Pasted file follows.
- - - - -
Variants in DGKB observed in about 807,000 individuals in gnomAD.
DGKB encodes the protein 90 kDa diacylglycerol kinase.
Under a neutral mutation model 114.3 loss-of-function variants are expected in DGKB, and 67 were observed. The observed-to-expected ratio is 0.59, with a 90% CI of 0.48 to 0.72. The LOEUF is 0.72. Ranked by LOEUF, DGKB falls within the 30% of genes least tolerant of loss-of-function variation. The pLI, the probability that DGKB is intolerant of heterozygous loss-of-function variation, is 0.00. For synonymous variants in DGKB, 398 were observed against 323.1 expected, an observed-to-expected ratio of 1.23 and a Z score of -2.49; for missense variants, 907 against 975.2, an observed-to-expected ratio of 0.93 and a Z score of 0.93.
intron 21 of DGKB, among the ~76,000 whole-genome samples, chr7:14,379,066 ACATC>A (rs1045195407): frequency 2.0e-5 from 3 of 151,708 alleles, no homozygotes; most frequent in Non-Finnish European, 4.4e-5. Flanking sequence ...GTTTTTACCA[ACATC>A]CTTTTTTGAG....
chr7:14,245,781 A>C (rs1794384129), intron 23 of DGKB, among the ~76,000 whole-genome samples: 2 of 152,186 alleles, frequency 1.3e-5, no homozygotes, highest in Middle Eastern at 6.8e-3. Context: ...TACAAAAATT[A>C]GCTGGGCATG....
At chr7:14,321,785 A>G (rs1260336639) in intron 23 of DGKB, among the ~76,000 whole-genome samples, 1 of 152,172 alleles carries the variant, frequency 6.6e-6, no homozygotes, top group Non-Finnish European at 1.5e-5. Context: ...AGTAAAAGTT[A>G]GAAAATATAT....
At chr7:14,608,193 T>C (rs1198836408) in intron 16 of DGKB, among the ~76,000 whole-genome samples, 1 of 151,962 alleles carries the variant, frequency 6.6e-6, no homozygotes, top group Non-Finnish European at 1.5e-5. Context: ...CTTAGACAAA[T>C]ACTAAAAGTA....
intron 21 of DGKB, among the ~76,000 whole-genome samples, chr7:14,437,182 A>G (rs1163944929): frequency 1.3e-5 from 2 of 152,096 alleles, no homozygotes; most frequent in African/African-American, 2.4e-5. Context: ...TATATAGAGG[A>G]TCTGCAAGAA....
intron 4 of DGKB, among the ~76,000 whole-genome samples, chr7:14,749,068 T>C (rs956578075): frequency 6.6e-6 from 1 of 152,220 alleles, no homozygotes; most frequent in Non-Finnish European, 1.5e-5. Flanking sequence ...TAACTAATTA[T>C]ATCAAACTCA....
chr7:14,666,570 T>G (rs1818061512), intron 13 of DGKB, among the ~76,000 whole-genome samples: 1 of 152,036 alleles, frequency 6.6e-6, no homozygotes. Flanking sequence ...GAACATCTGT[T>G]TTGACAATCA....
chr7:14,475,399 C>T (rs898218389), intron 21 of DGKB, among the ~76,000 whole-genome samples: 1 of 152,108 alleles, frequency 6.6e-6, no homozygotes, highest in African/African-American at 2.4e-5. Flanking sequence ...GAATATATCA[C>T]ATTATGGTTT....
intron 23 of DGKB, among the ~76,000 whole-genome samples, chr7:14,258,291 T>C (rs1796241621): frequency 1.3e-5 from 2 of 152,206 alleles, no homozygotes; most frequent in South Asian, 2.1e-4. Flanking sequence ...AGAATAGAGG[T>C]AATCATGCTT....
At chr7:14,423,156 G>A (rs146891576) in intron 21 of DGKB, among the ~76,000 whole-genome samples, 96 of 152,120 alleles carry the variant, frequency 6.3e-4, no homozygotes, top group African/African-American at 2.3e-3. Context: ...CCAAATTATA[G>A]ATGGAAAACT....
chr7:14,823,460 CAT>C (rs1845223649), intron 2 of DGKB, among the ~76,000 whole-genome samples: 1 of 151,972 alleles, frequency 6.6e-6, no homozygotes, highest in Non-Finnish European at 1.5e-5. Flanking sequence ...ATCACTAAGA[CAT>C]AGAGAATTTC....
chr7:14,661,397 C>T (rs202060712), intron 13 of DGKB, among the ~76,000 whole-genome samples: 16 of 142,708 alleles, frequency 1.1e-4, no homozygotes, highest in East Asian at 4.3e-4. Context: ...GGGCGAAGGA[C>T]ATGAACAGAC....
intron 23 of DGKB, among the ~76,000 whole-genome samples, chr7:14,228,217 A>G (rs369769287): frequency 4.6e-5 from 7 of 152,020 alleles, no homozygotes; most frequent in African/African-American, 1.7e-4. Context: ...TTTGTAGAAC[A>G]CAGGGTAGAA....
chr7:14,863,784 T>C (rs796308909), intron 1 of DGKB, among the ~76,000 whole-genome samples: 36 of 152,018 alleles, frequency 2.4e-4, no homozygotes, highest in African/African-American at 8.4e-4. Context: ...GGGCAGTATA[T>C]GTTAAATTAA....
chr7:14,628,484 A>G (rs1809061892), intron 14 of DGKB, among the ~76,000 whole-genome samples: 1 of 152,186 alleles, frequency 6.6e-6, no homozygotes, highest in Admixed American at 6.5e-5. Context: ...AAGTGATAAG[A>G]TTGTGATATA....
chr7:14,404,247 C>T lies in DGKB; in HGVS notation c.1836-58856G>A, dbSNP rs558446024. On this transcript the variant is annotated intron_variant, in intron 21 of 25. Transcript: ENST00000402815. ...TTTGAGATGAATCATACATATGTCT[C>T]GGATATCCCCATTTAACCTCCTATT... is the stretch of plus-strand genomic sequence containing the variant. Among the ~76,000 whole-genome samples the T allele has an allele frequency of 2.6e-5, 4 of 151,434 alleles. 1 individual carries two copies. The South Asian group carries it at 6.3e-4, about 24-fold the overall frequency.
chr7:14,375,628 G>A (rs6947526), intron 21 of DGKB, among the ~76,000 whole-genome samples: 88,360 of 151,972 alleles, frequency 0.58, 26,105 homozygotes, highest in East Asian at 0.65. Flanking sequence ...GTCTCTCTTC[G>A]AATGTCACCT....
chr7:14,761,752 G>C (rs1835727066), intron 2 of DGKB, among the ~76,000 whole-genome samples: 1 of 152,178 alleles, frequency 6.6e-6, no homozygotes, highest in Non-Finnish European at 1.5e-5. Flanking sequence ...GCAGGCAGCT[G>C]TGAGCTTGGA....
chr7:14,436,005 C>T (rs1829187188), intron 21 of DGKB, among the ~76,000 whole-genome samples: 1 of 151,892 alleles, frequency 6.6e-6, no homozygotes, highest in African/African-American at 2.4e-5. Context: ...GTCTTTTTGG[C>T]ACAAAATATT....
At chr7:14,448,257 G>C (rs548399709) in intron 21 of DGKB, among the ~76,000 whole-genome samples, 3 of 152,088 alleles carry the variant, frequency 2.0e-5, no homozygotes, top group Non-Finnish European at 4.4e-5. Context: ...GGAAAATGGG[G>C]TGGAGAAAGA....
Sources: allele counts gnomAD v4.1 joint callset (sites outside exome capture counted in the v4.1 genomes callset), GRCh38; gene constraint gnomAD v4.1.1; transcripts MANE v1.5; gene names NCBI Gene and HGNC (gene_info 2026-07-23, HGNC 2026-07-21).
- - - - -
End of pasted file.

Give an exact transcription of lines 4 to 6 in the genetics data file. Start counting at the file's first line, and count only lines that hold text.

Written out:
intron 21 of DGKB, among the ~76,000 whole-genome samples, chr7:14,379,066 ACATC>A (rs1045195407): frequency 2.0e-5 from 3 of 151,708 alleles, no homozygotes; most frequent in Non-Finnish European, 4.4e-5. Flanking sequence ...GTTTTTACCA[ACATC>A]CTTTTTTGAG....
chr7:14,245,781 A>C (rs1794384129), intron 23 of DGKB, among the ~76,000 whole-genome samples: 2 of 152,186 alleles, frequency 1.3e-5, no homozygotes, highest in Middle Eastern at 6.8e-3. Context: ...TACAAAAATT[A>C]GCTGGGCATG....
At chr7:14,321,785 A>G (rs1260336639) in intron 23 of DGKB, among the ~76,000 whole-genome samples, 1 of 152,172 alleles carries the variant, frequency 6.6e-6, no homozygotes, top group Non-Finnish European at 1.5e-5. Context: ...AGTAAAAGTT[A>G]GAAAATATAT....